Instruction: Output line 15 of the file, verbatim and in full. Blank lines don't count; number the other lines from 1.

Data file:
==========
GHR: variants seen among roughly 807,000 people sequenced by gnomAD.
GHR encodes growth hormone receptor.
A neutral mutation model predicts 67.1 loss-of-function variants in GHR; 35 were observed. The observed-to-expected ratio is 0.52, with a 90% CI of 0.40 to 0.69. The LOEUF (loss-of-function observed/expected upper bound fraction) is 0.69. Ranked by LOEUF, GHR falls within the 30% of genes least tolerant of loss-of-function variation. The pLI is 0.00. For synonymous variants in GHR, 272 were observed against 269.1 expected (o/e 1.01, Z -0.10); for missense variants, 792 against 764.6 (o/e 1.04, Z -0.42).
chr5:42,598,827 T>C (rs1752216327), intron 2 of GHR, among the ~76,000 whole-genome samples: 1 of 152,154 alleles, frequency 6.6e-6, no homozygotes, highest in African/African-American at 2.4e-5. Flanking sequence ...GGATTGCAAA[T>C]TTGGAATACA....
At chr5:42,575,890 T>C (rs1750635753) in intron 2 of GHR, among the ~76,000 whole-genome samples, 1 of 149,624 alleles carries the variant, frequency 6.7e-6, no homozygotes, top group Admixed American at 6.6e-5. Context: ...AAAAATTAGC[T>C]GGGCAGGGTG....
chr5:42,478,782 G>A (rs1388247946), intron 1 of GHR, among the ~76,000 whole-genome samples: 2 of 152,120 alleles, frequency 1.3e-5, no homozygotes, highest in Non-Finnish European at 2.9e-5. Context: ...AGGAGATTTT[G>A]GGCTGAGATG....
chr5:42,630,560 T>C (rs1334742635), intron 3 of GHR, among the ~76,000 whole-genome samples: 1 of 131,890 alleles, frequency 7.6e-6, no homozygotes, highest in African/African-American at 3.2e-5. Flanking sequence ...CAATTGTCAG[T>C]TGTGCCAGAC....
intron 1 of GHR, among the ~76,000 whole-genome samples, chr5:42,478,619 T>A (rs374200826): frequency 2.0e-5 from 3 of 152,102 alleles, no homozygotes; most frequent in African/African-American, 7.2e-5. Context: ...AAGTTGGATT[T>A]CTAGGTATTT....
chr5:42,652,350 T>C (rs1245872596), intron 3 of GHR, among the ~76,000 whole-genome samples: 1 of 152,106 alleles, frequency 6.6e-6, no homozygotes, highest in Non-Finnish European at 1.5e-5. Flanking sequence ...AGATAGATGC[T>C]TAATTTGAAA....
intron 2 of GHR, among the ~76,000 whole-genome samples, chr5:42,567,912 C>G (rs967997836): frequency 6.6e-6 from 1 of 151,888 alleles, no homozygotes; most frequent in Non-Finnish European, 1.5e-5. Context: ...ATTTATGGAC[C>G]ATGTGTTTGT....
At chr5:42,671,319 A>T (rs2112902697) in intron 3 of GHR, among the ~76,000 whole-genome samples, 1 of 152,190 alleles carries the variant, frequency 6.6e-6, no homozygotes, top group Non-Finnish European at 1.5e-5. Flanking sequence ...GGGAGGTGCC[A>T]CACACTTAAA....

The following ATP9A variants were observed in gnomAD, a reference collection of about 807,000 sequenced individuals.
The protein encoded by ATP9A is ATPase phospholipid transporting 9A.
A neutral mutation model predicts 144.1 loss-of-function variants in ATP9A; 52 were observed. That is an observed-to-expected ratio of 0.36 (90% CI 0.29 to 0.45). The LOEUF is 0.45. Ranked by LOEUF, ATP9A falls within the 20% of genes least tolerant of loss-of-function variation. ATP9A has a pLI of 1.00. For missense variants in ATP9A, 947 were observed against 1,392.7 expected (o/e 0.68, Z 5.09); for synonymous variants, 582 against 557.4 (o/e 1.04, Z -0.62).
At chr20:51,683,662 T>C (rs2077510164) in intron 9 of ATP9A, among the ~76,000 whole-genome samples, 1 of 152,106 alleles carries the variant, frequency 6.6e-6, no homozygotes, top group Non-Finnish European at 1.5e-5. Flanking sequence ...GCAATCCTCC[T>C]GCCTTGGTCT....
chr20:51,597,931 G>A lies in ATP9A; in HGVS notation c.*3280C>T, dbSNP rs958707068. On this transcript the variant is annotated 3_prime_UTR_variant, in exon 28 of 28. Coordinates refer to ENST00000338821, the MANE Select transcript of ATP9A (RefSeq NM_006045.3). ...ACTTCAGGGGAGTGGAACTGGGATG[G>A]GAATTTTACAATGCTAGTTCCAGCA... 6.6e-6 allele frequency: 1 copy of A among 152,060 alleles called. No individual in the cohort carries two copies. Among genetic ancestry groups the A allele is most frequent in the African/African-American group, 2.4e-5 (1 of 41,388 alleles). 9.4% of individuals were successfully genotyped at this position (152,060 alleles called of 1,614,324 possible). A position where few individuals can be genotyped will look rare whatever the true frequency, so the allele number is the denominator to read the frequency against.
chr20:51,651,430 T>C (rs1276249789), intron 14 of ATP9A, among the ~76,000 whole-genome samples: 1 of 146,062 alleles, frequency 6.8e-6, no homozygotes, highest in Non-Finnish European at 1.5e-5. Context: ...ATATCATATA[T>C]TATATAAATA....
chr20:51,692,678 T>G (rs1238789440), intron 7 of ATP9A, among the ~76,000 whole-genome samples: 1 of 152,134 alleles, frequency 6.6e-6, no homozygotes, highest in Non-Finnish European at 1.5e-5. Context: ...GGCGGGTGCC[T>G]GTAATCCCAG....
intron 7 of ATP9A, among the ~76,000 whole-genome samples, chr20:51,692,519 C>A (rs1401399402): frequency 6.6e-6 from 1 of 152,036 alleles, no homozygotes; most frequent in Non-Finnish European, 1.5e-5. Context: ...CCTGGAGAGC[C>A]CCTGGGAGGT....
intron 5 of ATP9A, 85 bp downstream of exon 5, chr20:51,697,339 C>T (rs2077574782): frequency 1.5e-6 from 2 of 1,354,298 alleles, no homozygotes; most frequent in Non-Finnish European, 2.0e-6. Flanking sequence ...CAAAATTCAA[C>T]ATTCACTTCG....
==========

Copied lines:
At chr20:51,683,662 T>C (rs2077510164) in intron 9 of ATP9A, among the ~76,000 whole-genome samples, 1 of 152,106 alleles carries the variant, frequency 6.6e-6, no homozygotes, top group Non-Finnish European at 1.5e-5. Flanking sequence ...GCAATCCTCC[T>C]GCCTTGGTCT....